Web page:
”But I am no shill. I tend to avoid the public limelight especially after my fling with the Princess of OohLani.

”But after the Spirit of Gaming protested and made clear that all gaming would be smothered out and become the sausage factory creating gamers who know nothing of the magic of gaming, I relented.

(Malstrom leans forward.)

”So… allow me to introduce myself. I am, in fact, the World’s Most Interesting Gamer.”

(Fade out.)


Splitting this email up because it asks The Big Question at the end.

Dear Sean

You’re making the argument that people care more about the artistic side than the business side because the business side is dry and boring. That argument is true for some, but doesn’t tell the whole story.

By dismissing critics of the purely economic argument, you completely neglect the ethical side of this discussion: Does this product make the world a better place to live in? Does it do any harm?

Following your argument laid out in your recent quality/sales post, cigarettes have a higher quality than fruit (the former selling roughly four times as well as the latter). It follows that as an artist, I shouldn’t have any scruples selling my work for propaganda posters or cult recruitment if it sells better than other customers. Would you agree with that?

The premise you are putting out is that customers are stupid and will unknowingly buy things that will lead to their destruction. This idea was best illustrated with Prohibition that was actually put into the United States Constitution almost a hundred years ago. After all, drinking leads to many social problems. Wouldn’t it be a good idea to just get rid of it? That led to so much crime. There is a part of Human nature that some people do wish to drink away their life or whatever.

People know what cigarettes do to the body. Even kids know. But people smoke because they enjoy it. Professional golfers are, to this day, allowed to smoke cigarettes when playing (where everyone else cannot of course) because it soothes their nerves. (Cigarettes are a bad example since the state propaganda about them was more about interested in taxing them. If they as bad as politicians have declared them to be, they would have been banned.)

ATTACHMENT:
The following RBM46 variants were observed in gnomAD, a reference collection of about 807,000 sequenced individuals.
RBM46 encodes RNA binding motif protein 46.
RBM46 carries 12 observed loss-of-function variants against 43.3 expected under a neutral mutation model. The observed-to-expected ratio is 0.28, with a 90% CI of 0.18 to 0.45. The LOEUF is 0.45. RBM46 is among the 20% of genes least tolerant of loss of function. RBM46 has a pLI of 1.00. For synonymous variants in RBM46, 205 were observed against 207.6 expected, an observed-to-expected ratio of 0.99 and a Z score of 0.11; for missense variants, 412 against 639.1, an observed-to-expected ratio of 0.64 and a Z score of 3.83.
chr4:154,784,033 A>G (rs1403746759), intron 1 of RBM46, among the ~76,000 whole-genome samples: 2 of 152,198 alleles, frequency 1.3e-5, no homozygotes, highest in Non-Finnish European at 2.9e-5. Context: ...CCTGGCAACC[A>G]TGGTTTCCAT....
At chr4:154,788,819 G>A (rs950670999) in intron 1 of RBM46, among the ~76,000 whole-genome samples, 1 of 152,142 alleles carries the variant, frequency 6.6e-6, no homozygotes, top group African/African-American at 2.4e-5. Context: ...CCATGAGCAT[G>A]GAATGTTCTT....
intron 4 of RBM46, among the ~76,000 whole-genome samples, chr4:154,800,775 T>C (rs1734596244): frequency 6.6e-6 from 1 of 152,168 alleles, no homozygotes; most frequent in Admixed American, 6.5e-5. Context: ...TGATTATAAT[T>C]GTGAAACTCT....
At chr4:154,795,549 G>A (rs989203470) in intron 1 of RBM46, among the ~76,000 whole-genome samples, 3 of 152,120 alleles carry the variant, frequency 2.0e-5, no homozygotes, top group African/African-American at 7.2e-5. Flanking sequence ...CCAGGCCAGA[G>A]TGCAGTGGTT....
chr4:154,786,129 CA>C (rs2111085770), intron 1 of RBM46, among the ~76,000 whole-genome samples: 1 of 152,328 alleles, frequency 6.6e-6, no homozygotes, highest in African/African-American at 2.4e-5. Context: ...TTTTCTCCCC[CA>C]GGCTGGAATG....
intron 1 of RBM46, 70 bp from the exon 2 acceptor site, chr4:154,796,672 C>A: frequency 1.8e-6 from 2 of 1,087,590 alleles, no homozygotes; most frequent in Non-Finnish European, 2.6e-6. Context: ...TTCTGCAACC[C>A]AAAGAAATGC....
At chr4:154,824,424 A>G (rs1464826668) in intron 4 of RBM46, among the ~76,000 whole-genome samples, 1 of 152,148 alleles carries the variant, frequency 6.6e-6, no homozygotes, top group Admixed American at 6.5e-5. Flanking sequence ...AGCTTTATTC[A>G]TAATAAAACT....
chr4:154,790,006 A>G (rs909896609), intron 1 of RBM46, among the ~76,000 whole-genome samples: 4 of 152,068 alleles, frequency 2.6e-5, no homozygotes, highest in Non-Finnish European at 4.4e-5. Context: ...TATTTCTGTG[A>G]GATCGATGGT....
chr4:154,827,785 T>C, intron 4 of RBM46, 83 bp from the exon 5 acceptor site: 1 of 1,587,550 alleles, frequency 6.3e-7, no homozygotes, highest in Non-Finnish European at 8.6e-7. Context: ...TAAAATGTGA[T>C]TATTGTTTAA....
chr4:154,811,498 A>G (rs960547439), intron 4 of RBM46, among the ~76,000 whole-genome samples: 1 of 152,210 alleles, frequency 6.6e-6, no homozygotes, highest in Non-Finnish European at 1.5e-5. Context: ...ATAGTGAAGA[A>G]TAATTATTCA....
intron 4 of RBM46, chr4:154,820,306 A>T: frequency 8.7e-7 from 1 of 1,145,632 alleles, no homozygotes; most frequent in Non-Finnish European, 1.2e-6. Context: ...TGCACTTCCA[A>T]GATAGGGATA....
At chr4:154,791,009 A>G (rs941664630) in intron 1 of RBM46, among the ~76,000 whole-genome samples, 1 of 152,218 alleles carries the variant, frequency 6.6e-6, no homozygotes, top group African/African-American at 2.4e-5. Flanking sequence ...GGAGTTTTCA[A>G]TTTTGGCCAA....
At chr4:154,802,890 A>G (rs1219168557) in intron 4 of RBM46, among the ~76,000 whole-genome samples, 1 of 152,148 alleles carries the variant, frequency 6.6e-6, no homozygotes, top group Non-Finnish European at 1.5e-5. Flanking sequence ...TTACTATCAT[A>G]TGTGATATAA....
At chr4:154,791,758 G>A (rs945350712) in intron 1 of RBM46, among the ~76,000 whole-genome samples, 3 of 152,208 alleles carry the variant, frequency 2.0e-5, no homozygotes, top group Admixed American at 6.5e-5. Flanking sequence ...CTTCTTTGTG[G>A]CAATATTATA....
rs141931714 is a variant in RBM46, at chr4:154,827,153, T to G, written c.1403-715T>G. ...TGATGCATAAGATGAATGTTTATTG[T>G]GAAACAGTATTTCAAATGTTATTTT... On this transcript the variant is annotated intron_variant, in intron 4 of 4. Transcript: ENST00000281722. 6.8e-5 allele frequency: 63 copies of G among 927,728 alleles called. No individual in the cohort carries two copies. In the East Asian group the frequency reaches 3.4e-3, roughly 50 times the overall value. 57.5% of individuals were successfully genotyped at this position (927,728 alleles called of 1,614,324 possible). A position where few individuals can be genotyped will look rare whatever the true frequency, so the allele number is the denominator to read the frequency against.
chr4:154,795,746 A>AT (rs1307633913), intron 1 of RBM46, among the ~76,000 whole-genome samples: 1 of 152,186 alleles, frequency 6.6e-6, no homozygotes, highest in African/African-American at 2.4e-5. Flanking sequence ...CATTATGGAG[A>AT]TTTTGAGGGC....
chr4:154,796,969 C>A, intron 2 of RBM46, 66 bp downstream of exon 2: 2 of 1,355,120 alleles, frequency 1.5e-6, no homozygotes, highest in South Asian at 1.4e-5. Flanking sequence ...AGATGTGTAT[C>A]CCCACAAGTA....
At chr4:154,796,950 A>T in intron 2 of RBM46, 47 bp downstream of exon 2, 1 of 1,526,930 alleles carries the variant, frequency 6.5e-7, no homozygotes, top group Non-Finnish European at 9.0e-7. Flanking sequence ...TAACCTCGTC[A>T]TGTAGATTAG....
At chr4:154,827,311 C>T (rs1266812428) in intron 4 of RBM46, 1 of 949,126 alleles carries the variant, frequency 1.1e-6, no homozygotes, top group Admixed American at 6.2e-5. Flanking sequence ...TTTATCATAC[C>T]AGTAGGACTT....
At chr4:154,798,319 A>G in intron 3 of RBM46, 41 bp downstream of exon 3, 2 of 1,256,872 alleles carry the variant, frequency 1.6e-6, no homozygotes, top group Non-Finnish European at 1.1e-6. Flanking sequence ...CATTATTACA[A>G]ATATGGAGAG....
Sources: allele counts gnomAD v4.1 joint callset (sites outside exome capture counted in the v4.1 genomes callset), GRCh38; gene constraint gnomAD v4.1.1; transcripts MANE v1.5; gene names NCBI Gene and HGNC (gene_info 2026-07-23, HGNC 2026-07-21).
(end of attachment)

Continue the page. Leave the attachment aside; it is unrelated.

As I said earlier, customers are the determination of quality. Customers are the determination of ethics as well. When baseball had all the problems with steroids, did baseball attendance fall? No. So while some people had problems with it, the customers did not.

Is buying gold and items with real money a problem in games like World of Warcraft? Is it unethical? The customers think so which makes Blizzard think so.

Is cheating in my single player game unethical? No customer thinks so. So Blizzard allows that.

Are video games unethical? After all, they can cause great harm to a person’s life. But it is for customers to determine whether or not video games are ethical or not, not someone named Jack Thompson or some other non-gamer who is obsessed at controlling what other people do.

Who is any non-customer to define what is ethical or not for a customer? Where someone might find cigarettes unethical, many do not. There are people who think strip shows and drinking are unethical. But who are they to enforce that ethical standard on other people?

Your ‘ethics’ is nothing more than non-customers demanding what is ethical for customers. It is like a vegetarian shutting down the steak house or the non-smoker shutting down sales of cigars or the minister shutting down bars.

Customers define the value of products. They also define the ‘ethics’ of that product too.